Such styles deserve to be given more room. Again like (D), never interrupt such people when they talk. In your discussion with the surgeon on product, keep matters simple. Share peer reviewed studies, but it is more likely that a customer demonstrating a communication pattern of such sort, may be more motivated by his peers. Such customers also may be the first to jump to buy a new product to stay ahead and get recognized by his peers that he owns the latest in technology. Often they turn out to be the low hanging fruits in a new product launch, but establishing a product with its clinical relevancy, is a long distant away from such styles.

This brings us to focus on the third behavioral pattern, the (S) or the Supportive/steady. The people of such behavioral style often feels the environment as favorable and do not intend to change the status quo. As you can see from the expression from the picture, such people are contended with what they are doing. They hate to adopt many sudden changes. Such people try to keep the status quo by convincing others , and may see change as a challenge, until and unless they are reasoned well enough that the change is for their own benefit. A typical communication pattern displayed by such people are friendly, yet less expressions and hand-body movement (unlike the I). Such people are very reflective and would take their own time in taking a decision. When pushed and put in a challenging situation, they may become stubborn and resistant. The question that you may face from him is “How” or how does this technology benefit me.

In sales, do take a step by step approach to such customers. You may need to take baby steps towards your ultimate goal. The advantage with such customers is that, while they may not be the first doctors to adopt to your new technology merely for the sake of owning it, they are the ones who would be married to the product ones they have been sufficiently convinced of the efficacy of the product and would not move to the competition. Beyond the early adopters of technology, a large mass of consumers of (S) behavioral styles would ultimately contribute to the success of the product.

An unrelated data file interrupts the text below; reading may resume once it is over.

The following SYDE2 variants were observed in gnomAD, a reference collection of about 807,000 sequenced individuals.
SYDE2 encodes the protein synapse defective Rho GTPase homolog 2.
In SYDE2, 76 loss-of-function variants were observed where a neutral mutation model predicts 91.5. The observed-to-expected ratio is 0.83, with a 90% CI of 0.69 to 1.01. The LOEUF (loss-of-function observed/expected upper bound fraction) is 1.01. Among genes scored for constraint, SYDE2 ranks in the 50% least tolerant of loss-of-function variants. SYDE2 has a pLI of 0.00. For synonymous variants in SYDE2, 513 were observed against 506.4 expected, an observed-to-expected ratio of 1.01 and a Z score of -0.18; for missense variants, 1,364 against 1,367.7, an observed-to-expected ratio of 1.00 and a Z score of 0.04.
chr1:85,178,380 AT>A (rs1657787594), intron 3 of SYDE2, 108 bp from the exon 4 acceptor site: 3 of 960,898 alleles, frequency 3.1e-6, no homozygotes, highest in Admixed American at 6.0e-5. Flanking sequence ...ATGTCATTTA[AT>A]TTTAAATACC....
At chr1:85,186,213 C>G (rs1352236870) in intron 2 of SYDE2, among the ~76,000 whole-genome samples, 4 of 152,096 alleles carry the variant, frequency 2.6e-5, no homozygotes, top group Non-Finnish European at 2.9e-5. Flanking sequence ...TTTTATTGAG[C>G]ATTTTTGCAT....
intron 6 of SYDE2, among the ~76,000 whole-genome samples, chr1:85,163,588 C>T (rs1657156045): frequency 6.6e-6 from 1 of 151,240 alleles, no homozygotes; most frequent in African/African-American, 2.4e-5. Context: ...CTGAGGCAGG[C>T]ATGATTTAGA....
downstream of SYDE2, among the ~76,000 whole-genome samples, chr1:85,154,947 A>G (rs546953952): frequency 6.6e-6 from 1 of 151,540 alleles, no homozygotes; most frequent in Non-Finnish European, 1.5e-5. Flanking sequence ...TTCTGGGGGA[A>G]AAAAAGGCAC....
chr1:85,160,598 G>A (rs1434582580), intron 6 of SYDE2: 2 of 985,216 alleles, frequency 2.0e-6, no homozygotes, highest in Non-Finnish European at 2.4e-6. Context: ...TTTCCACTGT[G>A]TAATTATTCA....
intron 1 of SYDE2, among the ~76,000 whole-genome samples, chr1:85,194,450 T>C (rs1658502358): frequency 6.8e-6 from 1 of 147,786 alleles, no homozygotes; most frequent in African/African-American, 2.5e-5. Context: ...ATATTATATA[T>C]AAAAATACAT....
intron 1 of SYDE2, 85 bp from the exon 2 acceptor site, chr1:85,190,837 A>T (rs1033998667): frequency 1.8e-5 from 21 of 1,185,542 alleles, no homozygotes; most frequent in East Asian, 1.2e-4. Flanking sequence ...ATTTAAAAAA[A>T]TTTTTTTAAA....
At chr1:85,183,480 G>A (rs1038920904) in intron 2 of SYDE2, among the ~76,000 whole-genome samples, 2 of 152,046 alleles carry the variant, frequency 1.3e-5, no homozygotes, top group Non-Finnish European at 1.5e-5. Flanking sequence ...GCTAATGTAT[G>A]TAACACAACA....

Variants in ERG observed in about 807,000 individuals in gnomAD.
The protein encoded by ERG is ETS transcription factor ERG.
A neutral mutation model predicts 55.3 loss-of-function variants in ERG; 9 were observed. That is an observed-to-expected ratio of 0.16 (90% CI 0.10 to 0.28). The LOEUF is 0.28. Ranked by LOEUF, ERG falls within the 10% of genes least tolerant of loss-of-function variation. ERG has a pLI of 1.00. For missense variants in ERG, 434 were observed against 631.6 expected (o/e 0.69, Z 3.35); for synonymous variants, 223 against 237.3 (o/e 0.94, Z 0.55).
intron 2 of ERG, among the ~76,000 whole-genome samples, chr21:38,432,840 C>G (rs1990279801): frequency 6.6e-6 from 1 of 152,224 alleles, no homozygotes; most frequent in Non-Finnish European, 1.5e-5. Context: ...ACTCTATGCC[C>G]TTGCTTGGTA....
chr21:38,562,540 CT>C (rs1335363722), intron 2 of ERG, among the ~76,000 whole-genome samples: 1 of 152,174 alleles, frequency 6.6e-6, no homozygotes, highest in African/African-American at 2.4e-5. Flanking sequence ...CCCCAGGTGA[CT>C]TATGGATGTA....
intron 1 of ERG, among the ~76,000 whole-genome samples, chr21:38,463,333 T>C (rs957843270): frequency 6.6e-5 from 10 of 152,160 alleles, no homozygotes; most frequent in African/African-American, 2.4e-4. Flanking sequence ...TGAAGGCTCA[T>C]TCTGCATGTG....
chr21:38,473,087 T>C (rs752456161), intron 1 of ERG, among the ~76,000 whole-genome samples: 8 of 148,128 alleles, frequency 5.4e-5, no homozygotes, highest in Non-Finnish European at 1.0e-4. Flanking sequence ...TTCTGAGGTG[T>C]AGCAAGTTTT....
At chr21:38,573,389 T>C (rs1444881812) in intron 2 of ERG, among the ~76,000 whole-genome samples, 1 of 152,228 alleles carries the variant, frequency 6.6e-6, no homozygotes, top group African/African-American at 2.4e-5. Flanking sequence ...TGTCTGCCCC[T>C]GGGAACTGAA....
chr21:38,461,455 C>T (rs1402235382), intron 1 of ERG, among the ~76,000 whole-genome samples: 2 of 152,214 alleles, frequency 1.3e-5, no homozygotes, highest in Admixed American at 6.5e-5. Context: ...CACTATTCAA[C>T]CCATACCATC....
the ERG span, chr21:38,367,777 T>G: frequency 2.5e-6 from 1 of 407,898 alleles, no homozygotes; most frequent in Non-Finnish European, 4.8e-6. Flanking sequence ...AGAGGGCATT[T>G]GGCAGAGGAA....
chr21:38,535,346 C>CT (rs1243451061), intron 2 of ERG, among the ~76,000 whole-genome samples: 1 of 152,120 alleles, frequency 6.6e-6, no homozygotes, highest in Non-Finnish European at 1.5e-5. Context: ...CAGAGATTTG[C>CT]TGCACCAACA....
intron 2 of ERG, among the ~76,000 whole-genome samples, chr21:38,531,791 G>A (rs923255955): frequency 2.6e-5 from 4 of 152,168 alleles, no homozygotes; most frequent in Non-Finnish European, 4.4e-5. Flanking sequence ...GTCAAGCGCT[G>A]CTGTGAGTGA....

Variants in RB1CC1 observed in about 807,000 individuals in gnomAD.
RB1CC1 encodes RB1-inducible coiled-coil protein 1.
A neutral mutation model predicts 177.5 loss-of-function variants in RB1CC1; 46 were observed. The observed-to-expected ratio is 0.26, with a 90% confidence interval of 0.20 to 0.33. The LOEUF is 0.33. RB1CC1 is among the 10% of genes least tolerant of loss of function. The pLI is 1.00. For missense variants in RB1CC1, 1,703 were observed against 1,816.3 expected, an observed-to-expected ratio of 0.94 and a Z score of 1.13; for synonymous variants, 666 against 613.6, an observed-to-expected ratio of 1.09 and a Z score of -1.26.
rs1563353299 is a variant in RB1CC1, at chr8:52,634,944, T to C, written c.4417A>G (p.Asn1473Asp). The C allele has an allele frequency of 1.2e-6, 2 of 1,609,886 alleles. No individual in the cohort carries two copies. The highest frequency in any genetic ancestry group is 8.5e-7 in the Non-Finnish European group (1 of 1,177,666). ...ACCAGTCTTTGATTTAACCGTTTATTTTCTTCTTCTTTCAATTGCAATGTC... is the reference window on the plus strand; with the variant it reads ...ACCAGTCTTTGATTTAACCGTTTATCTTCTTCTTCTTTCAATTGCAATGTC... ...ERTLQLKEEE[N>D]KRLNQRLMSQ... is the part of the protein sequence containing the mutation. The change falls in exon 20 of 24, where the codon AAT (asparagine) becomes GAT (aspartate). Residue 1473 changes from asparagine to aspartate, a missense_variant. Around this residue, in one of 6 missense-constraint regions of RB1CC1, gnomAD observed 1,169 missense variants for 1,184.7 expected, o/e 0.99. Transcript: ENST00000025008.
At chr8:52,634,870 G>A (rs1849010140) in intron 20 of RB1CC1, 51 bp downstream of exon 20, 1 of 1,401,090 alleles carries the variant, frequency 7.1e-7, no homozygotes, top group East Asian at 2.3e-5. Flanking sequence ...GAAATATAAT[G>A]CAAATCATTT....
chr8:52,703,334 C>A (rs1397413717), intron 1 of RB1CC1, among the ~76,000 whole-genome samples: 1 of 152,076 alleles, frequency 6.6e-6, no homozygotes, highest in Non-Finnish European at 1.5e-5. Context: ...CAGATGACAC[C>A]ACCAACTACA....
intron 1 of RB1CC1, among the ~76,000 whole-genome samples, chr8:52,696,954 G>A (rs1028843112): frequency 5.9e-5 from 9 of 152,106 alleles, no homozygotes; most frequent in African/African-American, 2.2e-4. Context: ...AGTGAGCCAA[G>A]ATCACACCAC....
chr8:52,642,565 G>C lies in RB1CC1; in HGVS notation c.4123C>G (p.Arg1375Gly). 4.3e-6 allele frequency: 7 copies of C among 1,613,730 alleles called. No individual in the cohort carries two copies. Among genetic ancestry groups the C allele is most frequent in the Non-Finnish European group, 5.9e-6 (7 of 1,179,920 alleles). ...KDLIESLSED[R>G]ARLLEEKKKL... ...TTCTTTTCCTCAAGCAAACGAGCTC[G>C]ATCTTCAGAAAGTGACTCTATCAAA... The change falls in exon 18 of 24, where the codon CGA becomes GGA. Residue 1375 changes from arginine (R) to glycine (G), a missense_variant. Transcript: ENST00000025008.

The last behavioral style are people who are typical ‘rule book ‘ followers. Such people would view their environment as un favorable (like the D), but unlike the D would not believe that they can change things. Hence they, like the S are fond of maintaining status-quo. Such people would try to argue against change by showing many clauses and rules. They are data oriented and would love to swim in a sea of facts and figures. They may be of little smile on the face ( leading us to confuse them as D sometimes), and would always ask questions like “WHY”.

As you meet such customers, do your homework well. Keep your data, facts and figures ready. Keep a pool of scientific studies with you, and quote them in discussion. However, like your approach towards the (S), do not force them to take quick decisions. For they are reflective like the (S), and need sufficient time in taking decision. Remember, they are status quo lovers. However, the beauty of such people is that, if you have won them, you have won them by heart.

As a last word, such styles are not permanent and people generally are adaptive to their environment. You may have known a person to be very dominating, but may show an entirely different style one fine morning. You may need to recognize that, and play your cards accordingly. And above all, learning the DISC and adapting to different behavioral styles may not be a very effective option when dealing with mother-in-laws. So use your Emotional Intelligence.


originally written and published in the WeekEnd Readings with special focus on medical instrument industry. Feedback or log on to to drop a note.